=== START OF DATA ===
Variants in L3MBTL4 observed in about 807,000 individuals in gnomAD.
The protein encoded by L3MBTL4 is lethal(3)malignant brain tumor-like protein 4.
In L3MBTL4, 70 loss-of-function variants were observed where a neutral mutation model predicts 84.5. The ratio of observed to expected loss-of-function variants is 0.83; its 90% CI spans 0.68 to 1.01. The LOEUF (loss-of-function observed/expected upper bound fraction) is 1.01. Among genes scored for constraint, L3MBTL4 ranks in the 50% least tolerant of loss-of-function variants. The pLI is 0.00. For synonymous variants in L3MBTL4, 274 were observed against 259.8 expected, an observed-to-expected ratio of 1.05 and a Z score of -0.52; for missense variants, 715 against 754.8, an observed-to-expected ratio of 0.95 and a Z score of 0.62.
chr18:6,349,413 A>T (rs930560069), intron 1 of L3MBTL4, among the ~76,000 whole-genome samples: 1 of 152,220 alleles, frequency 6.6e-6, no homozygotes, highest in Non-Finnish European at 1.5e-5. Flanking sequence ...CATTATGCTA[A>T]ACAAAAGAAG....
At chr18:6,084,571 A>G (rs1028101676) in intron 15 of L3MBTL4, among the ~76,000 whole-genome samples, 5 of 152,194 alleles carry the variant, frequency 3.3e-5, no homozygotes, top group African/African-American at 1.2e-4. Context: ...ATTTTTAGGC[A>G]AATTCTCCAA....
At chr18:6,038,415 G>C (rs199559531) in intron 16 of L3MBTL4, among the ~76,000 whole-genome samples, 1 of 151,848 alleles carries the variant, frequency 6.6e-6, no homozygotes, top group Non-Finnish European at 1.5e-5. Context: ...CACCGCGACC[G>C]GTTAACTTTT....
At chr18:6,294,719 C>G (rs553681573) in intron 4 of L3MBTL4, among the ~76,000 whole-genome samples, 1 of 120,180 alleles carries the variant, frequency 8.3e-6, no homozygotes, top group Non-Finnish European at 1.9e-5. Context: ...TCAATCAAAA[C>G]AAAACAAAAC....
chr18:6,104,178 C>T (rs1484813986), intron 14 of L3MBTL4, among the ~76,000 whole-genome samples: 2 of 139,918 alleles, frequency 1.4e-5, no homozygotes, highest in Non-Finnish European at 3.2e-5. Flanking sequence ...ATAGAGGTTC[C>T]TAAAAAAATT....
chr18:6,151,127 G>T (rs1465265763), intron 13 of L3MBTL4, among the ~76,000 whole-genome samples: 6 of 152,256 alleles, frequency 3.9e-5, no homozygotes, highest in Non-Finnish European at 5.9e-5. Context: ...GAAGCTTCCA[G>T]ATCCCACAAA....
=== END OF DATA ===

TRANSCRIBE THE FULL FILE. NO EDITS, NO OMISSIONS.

Variants in L3MBTL4 observed in about 807,000 individuals in gnomAD.
The protein encoded by L3MBTL4 is lethal(3)malignant brain tumor-like protein 4.
In L3MBTL4, 70 loss-of-function variants were observed where a neutral mutation model predicts 84.5. The ratio of observed to expected loss-of-function variants is 0.83; its 90% CI spans 0.68 to 1.01. The LOEUF (loss-of-function observed/expected upper bound fraction) is 1.01. Among genes scored for constraint, L3MBTL4 ranks in the 50% least tolerant of loss-of-function variants. The pLI is 0.00. For synonymous variants in L3MBTL4, 274 were observed against 259.8 expected, an observed-to-expected ratio of 1.05 and a Z score of -0.52; for missense variants, 715 against 754.8, an observed-to-expected ratio of 0.95 and a Z score of 0.62.
chr18:6,349,413 A>T (rs930560069), intron 1 of L3MBTL4, among the ~76,000 whole-genome samples: 1 of 152,220 alleles, frequency 6.6e-6, no homozygotes, highest in Non-Finnish European at 1.5e-5. Flanking sequence ...CATTATGCTA[A>T]ACAAAAGAAG....
At chr18:6,084,571 A>G (rs1028101676) in intron 15 of L3MBTL4, among the ~76,000 whole-genome samples, 5 of 152,194 alleles carry the variant, frequency 3.3e-5, no homozygotes, top group African/African-American at 1.2e-4. Context: ...ATTTTTAGGC[A>G]AATTCTCCAA....
At chr18:6,038,415 G>C (rs199559531) in intron 16 of L3MBTL4, among the ~76,000 whole-genome samples, 1 of 151,848 alleles carries the variant, frequency 6.6e-6, no homozygotes, top group Non-Finnish European at 1.5e-5. Context: ...CACCGCGACC[G>C]GTTAACTTTT....
At chr18:6,294,719 C>G (rs553681573) in intron 4 of L3MBTL4, among the ~76,000 whole-genome samples, 1 of 120,180 alleles carries the variant, frequency 8.3e-6, no homozygotes, top group Non-Finnish European at 1.9e-5. Context: ...TCAATCAAAA[C>G]AAAACAAAAC....
chr18:6,104,178 C>T (rs1484813986), intron 14 of L3MBTL4, among the ~76,000 whole-genome samples: 2 of 139,918 alleles, frequency 1.4e-5, no homozygotes, highest in Non-Finnish European at 3.2e-5. Flanking sequence ...ATAGAGGTTC[C>T]TAAAAAAATT....
chr18:6,151,127 G>T (rs1465265763), intron 13 of L3MBTL4, among the ~76,000 whole-genome samples: 6 of 152,256 alleles, frequency 3.9e-5, no homozygotes, highest in Non-Finnish European at 5.9e-5. Context: ...GAAGCTTCCA[G>T]ATCCCACAAA....